Father had a friend whom Beckett called Pok. Pok wasn’t his name. That detail is lost to the mystery of time. Beckett was 10 or thereabouts. It’s unfathomable. It’s inconsequential.
Pok was a philosopher, the kind who only practices their craft on children. Pok told Beckett that time didn’t exist. Tick. Tock. Pok told Beckett that they didn’t exist, not really. No, he would in insist, to exist is to be infinite. You are finite. You will be lost in time. At a minimum you’ll need to have a meaningful impact on the infinite, to exist, Pok Pok Pok. You are finite. Our – he said, referring to the collective human race – our impact is negligible and our life aims are pitiful. We are insignificant finites. Beckett gawped: a 10 year old insignificant finite. Pok’s sculpting hands pushed hard on a his brain and the impressions stuck. These things matter. These things are infinite.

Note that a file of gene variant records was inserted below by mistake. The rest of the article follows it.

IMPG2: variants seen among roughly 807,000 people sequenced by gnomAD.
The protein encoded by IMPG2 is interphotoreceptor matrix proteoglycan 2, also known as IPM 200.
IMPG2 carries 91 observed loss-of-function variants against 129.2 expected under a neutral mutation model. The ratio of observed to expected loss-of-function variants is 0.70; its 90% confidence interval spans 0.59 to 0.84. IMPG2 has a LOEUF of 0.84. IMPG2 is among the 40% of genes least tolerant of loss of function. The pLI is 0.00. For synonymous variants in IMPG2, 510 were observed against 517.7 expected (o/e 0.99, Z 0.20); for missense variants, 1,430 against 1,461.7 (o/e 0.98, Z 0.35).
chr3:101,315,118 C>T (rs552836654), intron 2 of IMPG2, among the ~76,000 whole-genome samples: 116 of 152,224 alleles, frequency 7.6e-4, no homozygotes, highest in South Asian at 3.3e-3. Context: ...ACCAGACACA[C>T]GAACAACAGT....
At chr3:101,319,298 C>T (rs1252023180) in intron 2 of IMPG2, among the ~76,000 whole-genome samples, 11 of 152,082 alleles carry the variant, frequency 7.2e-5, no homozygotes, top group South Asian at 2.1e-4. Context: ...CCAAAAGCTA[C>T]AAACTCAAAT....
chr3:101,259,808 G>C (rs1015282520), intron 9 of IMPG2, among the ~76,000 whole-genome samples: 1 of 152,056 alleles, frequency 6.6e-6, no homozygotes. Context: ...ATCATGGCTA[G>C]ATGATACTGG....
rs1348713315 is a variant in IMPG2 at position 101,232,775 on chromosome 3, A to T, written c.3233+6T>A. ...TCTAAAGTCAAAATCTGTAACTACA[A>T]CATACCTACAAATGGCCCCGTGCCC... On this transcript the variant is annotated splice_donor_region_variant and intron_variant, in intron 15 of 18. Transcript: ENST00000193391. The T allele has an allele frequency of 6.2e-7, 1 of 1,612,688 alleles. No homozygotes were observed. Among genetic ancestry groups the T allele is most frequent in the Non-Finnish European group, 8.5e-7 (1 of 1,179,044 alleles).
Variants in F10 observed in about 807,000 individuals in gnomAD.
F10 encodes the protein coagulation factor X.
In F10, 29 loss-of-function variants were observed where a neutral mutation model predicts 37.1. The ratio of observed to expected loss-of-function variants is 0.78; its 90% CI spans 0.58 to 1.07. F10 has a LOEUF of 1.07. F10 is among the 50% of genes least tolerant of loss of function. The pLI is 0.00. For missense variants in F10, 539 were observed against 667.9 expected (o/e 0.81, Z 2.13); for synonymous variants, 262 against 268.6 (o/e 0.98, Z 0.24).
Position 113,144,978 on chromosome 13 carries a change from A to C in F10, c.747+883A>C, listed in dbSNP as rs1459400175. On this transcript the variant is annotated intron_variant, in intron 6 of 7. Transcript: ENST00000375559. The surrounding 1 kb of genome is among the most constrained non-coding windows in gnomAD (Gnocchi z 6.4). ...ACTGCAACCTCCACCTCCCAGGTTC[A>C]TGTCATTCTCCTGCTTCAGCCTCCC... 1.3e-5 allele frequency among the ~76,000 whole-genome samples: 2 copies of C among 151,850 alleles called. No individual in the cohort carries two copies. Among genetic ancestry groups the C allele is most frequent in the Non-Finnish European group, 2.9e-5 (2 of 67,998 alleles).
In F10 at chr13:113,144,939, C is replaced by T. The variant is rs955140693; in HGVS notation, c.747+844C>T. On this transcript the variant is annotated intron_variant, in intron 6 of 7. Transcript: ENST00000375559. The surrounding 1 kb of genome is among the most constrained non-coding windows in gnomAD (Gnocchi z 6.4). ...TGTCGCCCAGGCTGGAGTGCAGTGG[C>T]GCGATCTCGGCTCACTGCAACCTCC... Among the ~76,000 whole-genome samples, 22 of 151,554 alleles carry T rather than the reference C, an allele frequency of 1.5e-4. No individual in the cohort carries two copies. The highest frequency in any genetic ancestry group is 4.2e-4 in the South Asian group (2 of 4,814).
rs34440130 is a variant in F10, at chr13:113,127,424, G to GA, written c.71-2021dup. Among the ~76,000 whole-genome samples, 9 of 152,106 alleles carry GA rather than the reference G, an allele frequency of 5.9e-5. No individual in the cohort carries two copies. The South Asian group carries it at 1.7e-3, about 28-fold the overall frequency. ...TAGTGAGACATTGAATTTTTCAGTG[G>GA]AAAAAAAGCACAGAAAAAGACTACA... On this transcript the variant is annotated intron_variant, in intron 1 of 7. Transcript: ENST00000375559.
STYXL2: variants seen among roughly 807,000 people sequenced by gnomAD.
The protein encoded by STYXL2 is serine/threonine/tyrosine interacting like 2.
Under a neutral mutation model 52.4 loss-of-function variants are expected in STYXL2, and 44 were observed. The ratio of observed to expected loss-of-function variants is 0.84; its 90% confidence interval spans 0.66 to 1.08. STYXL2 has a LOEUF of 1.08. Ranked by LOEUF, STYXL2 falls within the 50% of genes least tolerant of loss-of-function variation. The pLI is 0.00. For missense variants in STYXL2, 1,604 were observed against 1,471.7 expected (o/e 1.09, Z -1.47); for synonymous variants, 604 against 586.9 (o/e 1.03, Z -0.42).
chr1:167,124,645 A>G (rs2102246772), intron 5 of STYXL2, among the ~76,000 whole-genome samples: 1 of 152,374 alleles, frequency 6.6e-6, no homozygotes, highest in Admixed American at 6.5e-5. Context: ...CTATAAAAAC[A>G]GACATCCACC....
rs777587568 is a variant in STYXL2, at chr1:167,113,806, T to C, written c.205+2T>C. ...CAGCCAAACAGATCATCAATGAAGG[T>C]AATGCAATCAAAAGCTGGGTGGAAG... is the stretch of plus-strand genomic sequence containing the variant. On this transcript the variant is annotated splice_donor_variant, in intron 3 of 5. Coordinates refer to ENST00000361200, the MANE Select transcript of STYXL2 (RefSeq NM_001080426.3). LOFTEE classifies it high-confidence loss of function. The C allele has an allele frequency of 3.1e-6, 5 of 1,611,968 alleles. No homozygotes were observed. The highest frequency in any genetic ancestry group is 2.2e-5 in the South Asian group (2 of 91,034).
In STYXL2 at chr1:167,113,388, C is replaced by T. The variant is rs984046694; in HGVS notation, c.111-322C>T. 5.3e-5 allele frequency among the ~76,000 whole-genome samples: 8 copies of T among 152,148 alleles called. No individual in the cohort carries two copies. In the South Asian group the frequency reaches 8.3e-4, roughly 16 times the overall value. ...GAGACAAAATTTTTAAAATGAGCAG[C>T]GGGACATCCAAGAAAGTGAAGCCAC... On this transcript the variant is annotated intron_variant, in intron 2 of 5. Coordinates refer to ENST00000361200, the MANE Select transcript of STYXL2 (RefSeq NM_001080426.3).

Take your mother (“takiyamudda”), Pok would say, she is a lovely woman, a full figure, enchanting eyes, a genuine heart, but none of that matters. She’ll live her life, she’ll die, she’ll be forgotten and none of that matters (“nanadatmadders”). She has no meaningful impact on the infinite.
Pok would often look into Beckett’s eyes. His voice would become a whisper: You’ll die and not be missed. He’d insist. This was back when Beckett could cry, and tears would well up in his eyes and run in straight channels down his cheeks.
After Pok left, laughing and play-punching the boy on his shoulder, Beckett would search out his mother and her cradling arms. She would hold him tight, her bellowing heart in motion beneath his ears, her chest expanding with each breath (counting up and down). Don’t listen to Pok, she would say, soft as hay, the man is an idiot. Of course I’m real, she’d insist, of course I exist. She insisted. She existed. Mother died 31 years ago. She doesn’t exist.
Tick Tok Pok.
Beckett’s past is as important as his present… to understand how you must understand why